Digital Infrared Photography With The Fuji S20 Pro; There's More To Life Than Color Image Files!

Photos © 2004, Joe Farace, All Rights Reserved

"Why not?"--Dayton Allen

Whenever I get a new digital camera from Fuji I run down to the family room and give it the "remote control test." What's that? One of the easiest ways to check if your digicam is infrared capable is to point a TV remote control at the lens and take a picture or look at the image on the LCD panel. If you see a point of light, you're ready to make IR digital images.



The imaging chips in most digital cameras are fitted with an internal infrared cutoff filter that is designed to reduce IR contamination. Many, but not all, consumer digicams let enough IR through to allow for what techies call near infrared photography. With digital IR imaging, if your digicam passes the TV remote test and, like the Fuji FinePix S20 Pro, has a black and white mode, you'll see the infrared effect right before your eyes.

This pseudo panoramic IR image was created from an original Fuji file that was both cropped and "stretched." I stretched it by first increasing the horizontal dimension of the Canvas (Image>Canvas Size) then selecting the image and dragging it sideways using the Free Transform tool (Edit>Free Transform) until it gave the overall photo a "widescreen" look without too much distortion. The original image file was captured at ISO 200 in gray scale mode at f/2.8 and 1/3 sec with the Fuji FinePix S20 Pro mounted on a Joe Farace Signature Edition Tiltall tripod.

Why IR?
The simplest reason for shooting digital infrared is that the technique has the power to transform the mundane into the unforgettable. Everyday scenes that you might walk by and never think of photographing take on a more dramatic look when seen as infrared.

Back in the bad old days of IR film, you needed to use special film and load and unload it in total darkness. To work with IR film you needed special, read expensive--that part hasn't changed--filters and then either process the film yourself or find an ever-dwindling pool of specialty labs to do it for you. When shooting IR film it's more click and hope, but with Fuji's FinePix S20 Pro, black and white IR images can be made in camera--and you'll see the results in its electronic viewfinder before you snap the shutter.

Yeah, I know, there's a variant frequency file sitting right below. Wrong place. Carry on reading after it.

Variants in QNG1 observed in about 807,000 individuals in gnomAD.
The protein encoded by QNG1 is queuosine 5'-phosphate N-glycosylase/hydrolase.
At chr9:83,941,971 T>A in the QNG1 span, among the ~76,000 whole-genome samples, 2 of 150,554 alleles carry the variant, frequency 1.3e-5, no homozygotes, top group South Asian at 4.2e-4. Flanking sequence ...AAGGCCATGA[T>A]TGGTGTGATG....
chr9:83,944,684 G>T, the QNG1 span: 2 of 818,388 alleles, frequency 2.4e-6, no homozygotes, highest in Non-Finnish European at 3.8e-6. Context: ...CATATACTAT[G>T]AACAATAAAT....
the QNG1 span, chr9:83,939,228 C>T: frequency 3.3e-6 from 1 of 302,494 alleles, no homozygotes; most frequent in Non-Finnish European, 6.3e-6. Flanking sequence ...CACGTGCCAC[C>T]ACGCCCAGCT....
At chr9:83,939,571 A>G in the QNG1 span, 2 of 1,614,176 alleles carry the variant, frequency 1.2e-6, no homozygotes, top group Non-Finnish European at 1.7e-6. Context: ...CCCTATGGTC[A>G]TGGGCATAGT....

With 6-megapixel resolution from Fuji's exclusive Super CCD chip, image quality from the FinePix S20 Pro can be stunning. This JPEG image file was captured with the Cokin 007 filter at ISO 400. Exposure was 1/7 sec and f/2.8 at 9mm (digital) with camera supported by Tiltall tripod.

You can pull images directly off an xD-Picture Card or CompactFlash Type II, which Fuji specifies as "Microdrive," that fit the camera's dual slots. Fuji provides a 16MB xD-Picture Card with the camera and kindly lent me a 64MB card, and I was able to borrow one of Hitachi's 2GB Microdrives (www.pexagontech.com) so I could take lots of pictures. Why not a 4GB Microdrive? Because it's FAT 32 and the S20 Pro is FAT 16 compatible. (See Sidebar: Get FAT, Like Atkins, page 2.)

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